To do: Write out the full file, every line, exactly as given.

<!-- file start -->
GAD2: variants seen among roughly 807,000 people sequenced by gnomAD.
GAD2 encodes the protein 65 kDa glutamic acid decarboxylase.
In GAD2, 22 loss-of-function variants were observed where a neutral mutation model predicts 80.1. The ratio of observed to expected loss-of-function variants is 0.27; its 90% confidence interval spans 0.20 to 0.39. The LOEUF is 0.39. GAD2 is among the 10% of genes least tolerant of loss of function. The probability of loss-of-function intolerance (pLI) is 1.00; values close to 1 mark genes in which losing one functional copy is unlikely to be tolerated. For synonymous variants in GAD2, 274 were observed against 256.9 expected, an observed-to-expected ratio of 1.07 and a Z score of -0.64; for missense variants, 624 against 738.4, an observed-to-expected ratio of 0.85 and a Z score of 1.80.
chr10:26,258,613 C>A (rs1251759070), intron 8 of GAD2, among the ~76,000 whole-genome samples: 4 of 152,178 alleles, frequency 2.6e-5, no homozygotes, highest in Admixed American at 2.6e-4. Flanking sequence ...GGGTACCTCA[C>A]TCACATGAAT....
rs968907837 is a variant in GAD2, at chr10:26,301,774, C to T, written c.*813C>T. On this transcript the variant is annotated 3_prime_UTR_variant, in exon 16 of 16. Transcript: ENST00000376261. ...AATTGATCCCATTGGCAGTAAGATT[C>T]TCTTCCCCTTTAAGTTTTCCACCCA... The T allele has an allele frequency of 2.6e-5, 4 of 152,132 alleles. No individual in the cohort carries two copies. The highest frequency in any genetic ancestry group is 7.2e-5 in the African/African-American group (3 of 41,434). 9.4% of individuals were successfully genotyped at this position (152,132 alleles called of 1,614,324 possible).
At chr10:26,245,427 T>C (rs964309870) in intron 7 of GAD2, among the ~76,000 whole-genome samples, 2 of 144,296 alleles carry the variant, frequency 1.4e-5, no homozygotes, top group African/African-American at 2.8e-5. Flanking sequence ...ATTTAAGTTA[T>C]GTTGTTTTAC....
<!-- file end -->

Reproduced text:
GAD2: variants seen among roughly 807,000 people sequenced by gnomAD.
GAD2 encodes the protein 65 kDa glutamic acid decarboxylase.
In GAD2, 22 loss-of-function variants were observed where a neutral mutation model predicts 80.1. The ratio of observed to expected loss-of-function variants is 0.27; its 90% confidence interval spans 0.20 to 0.39. The LOEUF is 0.39. GAD2 is among the 10% of genes least tolerant of loss of function. The probability of loss-of-function intolerance (pLI) is 1.00; values close to 1 mark genes in which losing one functional copy is unlikely to be tolerated. For synonymous variants in GAD2, 274 were observed against 256.9 expected, an observed-to-expected ratio of 1.07 and a Z score of -0.64; for missense variants, 624 against 738.4, an observed-to-expected ratio of 0.85 and a Z score of 1.80.
chr10:26,258,613 C>A (rs1251759070), intron 8 of GAD2, among the ~76,000 whole-genome samples: 4 of 152,178 alleles, frequency 2.6e-5, no homozygotes, highest in Admixed American at 2.6e-4. Flanking sequence ...GGGTACCTCA[C>A]TCACATGAAT....
rs968907837 is a variant in GAD2, at chr10:26,301,774, C to T, written c.*813C>T. On this transcript the variant is annotated 3_prime_UTR_variant, in exon 16 of 16. Transcript: ENST00000376261. ...AATTGATCCCATTGGCAGTAAGATT[C>T]TCTTCCCCTTTAAGTTTTCCACCCA... The T allele has an allele frequency of 2.6e-5, 4 of 152,132 alleles. No individual in the cohort carries two copies. The highest frequency in any genetic ancestry group is 7.2e-5 in the African/African-American group (3 of 41,434). 9.4% of individuals were successfully genotyped at this position (152,132 alleles called of 1,614,324 possible).
At chr10:26,245,427 T>C (rs964309870) in intron 7 of GAD2, among the ~76,000 whole-genome samples, 2 of 144,296 alleles carry the variant, frequency 1.4e-5, no homozygotes, top group African/African-American at 2.8e-5. Flanking sequence ...ATTTAAGTTA[T>C]GTTGTTTTAC....